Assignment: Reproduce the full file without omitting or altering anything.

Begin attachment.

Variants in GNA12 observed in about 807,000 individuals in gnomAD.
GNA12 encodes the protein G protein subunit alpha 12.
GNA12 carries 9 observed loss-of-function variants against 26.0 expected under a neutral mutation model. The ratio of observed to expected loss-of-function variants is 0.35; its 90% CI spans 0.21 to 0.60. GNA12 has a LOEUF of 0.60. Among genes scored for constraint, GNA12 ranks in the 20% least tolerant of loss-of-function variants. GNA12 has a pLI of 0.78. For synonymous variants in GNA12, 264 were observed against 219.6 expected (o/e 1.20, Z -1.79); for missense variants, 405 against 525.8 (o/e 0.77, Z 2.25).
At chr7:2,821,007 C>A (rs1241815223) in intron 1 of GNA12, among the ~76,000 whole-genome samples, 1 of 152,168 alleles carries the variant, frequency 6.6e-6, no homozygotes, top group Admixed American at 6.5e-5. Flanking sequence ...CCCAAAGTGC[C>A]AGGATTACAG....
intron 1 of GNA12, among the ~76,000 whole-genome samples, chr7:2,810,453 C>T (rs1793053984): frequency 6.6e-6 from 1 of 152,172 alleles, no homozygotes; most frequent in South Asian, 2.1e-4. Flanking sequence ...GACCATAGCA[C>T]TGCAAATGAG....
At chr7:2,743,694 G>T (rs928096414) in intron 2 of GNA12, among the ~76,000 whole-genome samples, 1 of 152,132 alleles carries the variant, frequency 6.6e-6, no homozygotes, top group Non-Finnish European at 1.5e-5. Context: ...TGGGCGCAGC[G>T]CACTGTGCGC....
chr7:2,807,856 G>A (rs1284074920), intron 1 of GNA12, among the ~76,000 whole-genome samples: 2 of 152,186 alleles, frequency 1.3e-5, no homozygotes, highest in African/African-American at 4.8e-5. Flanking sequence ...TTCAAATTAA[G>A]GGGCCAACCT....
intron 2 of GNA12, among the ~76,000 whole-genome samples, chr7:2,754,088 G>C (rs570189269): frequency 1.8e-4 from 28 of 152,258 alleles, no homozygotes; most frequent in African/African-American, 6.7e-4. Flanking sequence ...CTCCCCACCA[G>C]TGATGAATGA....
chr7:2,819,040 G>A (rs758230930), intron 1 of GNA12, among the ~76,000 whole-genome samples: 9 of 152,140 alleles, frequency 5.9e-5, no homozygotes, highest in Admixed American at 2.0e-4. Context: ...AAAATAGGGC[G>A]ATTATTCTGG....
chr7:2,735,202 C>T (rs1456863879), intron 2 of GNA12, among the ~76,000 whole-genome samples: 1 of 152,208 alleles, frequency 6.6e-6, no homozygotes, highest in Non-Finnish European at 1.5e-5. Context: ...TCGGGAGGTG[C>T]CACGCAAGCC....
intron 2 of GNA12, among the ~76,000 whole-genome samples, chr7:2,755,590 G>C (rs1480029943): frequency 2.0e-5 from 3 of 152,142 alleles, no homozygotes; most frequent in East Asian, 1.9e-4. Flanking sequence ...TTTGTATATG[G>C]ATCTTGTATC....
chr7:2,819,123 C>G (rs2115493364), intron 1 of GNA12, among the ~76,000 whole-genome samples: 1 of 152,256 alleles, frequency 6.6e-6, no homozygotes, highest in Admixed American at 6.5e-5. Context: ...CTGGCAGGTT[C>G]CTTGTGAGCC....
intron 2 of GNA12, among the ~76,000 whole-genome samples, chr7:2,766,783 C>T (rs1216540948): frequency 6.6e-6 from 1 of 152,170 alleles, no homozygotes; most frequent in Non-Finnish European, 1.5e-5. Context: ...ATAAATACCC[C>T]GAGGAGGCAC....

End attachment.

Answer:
Variants in GNA12 observed in about 807,000 individuals in gnomAD.
GNA12 encodes the protein G protein subunit alpha 12.
GNA12 carries 9 observed loss-of-function variants against 26.0 expected under a neutral mutation model. The ratio of observed to expected loss-of-function variants is 0.35; its 90% CI spans 0.21 to 0.60. GNA12 has a LOEUF of 0.60. Among genes scored for constraint, GNA12 ranks in the 20% least tolerant of loss-of-function variants. GNA12 has a pLI of 0.78. For synonymous variants in GNA12, 264 were observed against 219.6 expected (o/e 1.20, Z -1.79); for missense variants, 405 against 525.8 (o/e 0.77, Z 2.25).
At chr7:2,821,007 C>A (rs1241815223) in intron 1 of GNA12, among the ~76,000 whole-genome samples, 1 of 152,168 alleles carries the variant, frequency 6.6e-6, no homozygotes, top group Admixed American at 6.5e-5. Flanking sequence ...CCCAAAGTGC[C>A]AGGATTACAG....
intron 1 of GNA12, among the ~76,000 whole-genome samples, chr7:2,810,453 C>T (rs1793053984): frequency 6.6e-6 from 1 of 152,172 alleles, no homozygotes; most frequent in South Asian, 2.1e-4. Flanking sequence ...GACCATAGCA[C>T]TGCAAATGAG....
At chr7:2,743,694 G>T (rs928096414) in intron 2 of GNA12, among the ~76,000 whole-genome samples, 1 of 152,132 alleles carries the variant, frequency 6.6e-6, no homozygotes, top group Non-Finnish European at 1.5e-5. Context: ...TGGGCGCAGC[G>T]CACTGTGCGC....
chr7:2,807,856 G>A (rs1284074920), intron 1 of GNA12, among the ~76,000 whole-genome samples: 2 of 152,186 alleles, frequency 1.3e-5, no homozygotes, highest in African/African-American at 4.8e-5. Flanking sequence ...TTCAAATTAA[G>A]GGGCCAACCT....
intron 2 of GNA12, among the ~76,000 whole-genome samples, chr7:2,754,088 G>C (rs570189269): frequency 1.8e-4 from 28 of 152,258 alleles, no homozygotes; most frequent in African/African-American, 6.7e-4. Flanking sequence ...CTCCCCACCA[G>C]TGATGAATGA....
chr7:2,819,040 G>A (rs758230930), intron 1 of GNA12, among the ~76,000 whole-genome samples: 9 of 152,140 alleles, frequency 5.9e-5, no homozygotes, highest in Admixed American at 2.0e-4. Context: ...AAAATAGGGC[G>A]ATTATTCTGG....
chr7:2,735,202 C>T (rs1456863879), intron 2 of GNA12, among the ~76,000 whole-genome samples: 1 of 152,208 alleles, frequency 6.6e-6, no homozygotes, highest in Non-Finnish European at 1.5e-5. Context: ...TCGGGAGGTG[C>T]CACGCAAGCC....
intron 2 of GNA12, among the ~76,000 whole-genome samples, chr7:2,755,590 G>C (rs1480029943): frequency 2.0e-5 from 3 of 152,142 alleles, no homozygotes; most frequent in East Asian, 1.9e-4. Flanking sequence ...TTTGTATATG[G>C]ATCTTGTATC....
chr7:2,819,123 C>G (rs2115493364), intron 1 of GNA12, among the ~76,000 whole-genome samples: 1 of 152,256 alleles, frequency 6.6e-6, no homozygotes, highest in Admixed American at 6.5e-5. Context: ...CTGGCAGGTT[C>G]CTTGTGAGCC....
intron 2 of GNA12, among the ~76,000 whole-genome samples, chr7:2,766,783 C>T (rs1216540948): frequency 6.6e-6 from 1 of 152,170 alleles, no homozygotes; most frequent in Non-Finnish European, 1.5e-5. Context: ...ATAAATACCC[C>T]GAGGAGGCAC....